La Croix misrepresents papal statement
An article in La Croix International, “Pope reminds health workers to put patients first” includes a subtitle, “Conscientious objectors told that human dignity demands exceptions sometimes be made.” (La Croix International, 20 May, 2019)
The subtitle reflects speculation by critics unidentified by the article’s anonymous author(s) that the Pope’s comments were aimed at “pro-lifers who may object to performing an abortion, even though the mother may, for various reasons, risk serious and even life-threatening physical or psychological trauma should she try to conceive.”
“[T]o put patients first” accurately conveys one of Pope Francis’ messages to the Italian Catholic Association of Health Care Workers.
“Conscientious objectors told that human dignity demands exceptions sometimes be made” does not.
Nothing in the text of the of the Pope’s address remotely suggests that human dignity sometimes requires health care workers to set aside their conscientious convictions and their objections and do what they believe to be wrong.
Pope Francis said nothing of the kind. But that is precisely the kind of demand made by activists and even state authorities in a number of countries, even (as in Canada) to the extent of forcing unwilling practitioners to be parties to killing their patients or helping them commit suicide.
The misrepresentation exemplified in the La Croix article supports such attacks on freedom of conscience (and religion) and exacerbates the problems faced by healthcare practitioners attempting to resist them.
What Pope Francis actually had to say warrants attention by anyone who wants to understand the exercise of freedom of conscience by health care practitioners.
He noted that “any medical practice or intervention on the human being must first be carefully assessed if it actually respects human life and dignity (“di ogni pratica medica o intervento sull’essere umano si deve prima valutare con attenzione se rispetti effettivamente la vita e la dignità umana.”) .
When health care practitioners refuse to provide procedures or services, it is typically because they have made that assessment,and consider the interventions contrary to the good of the human person and subversive of the integrity and dignity of human life: in brief, harmful to the patient.
Conscientious objection in such circumstances, the Pope said, does not just reflect the need to preserve one’s personal integrity, but “also represents a sign for the healthcare environment in which we find ourselves, as well as for the patients themselves and their families” ( “ma rappresenta anche un segno per l’ambiente sanitario nel quale ci si trova, oltre che nei confronti dei pazienti stessi e delle loro famiglie. “)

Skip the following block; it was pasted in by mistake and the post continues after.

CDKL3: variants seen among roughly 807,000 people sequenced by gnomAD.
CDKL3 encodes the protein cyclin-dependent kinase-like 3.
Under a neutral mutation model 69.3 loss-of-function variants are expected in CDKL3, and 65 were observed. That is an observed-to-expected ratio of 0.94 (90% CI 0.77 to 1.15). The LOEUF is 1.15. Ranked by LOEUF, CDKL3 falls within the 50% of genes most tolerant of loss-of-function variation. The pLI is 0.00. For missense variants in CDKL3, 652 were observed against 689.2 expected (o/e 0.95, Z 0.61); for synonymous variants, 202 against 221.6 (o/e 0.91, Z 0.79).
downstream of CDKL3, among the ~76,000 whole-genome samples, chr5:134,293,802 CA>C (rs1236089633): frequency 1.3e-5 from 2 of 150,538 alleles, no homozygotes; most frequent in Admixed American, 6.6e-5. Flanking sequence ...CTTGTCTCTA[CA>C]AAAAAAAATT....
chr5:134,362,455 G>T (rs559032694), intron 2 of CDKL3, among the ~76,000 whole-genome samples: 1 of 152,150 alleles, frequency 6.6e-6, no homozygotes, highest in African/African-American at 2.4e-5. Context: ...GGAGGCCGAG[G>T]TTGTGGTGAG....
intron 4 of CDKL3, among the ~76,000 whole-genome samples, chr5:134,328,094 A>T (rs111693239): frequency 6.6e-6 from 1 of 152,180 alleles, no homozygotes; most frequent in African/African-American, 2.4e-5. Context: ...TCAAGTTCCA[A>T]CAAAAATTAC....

In many situations, this “sign” may well be a sign of contradiction to the dominant ethos, likely to trigger violent emotional reactions and repression by state or professional authorities. Hence, for purely pragmatic reasons, it behooves objecting practitioners to be careful in expressing themselves. Beyond this, Pope Francis offers advice that reflects the actual practice of practitioners who responsibly exercise freedom of conscience:
La scelta dell’obiezione, tuttavia, quando necessaria, va compiuta con rispetto, perché non diventi motivo di disprezzo o di orgoglio ciò che deve essere fatto con umiltà, per non generare in chi vi osserva un uguale disprezzo, che impedirebbe di comprendere le vere motivazioni che ci spingono. È bene invece cercare sempre il dialogo, soprattutto con coloro che hanno posizioni diverse, mettendosi in ascolto del loro punto di vista e cercando di trasmettere il vostro, non come chi sale in cattedra, ma come chi cerca il vero bene delle persone. Farsi compagni di viaggio di chi ci sta accanto, in particolare degli ultimi, dei più dimenticati, degli esclusi: questo è il miglior modo per comprendere a fondo e con verità le diverse situazioni e il bene morale che vi è implicato.
The choice of the objection, however, when necessary, must be made with respect, so that what must be done with humility, so as not to generate an equal contempt, which would prevent the understanding of the true motivations that drive us. Instead, it is good to always seek dialogue, especially with those who have different positions, listening to their point of view and trying to transmit yours, not as someone who goes up in the chair, but as someone who seeks the true good of people. Be the traveling companions of those around us, especially the last, the most forgotten, the excluded: this is the best way to fully understand the different situations and the moral good that is involved.
Source: Libreria Editrice Vaticana, Discorso del Santo Padre Francesco all’ Assocziazone Cattolica Operatori Sanitari (ACOS). Sala Clementina, Venerdì, 17 maggio 2019.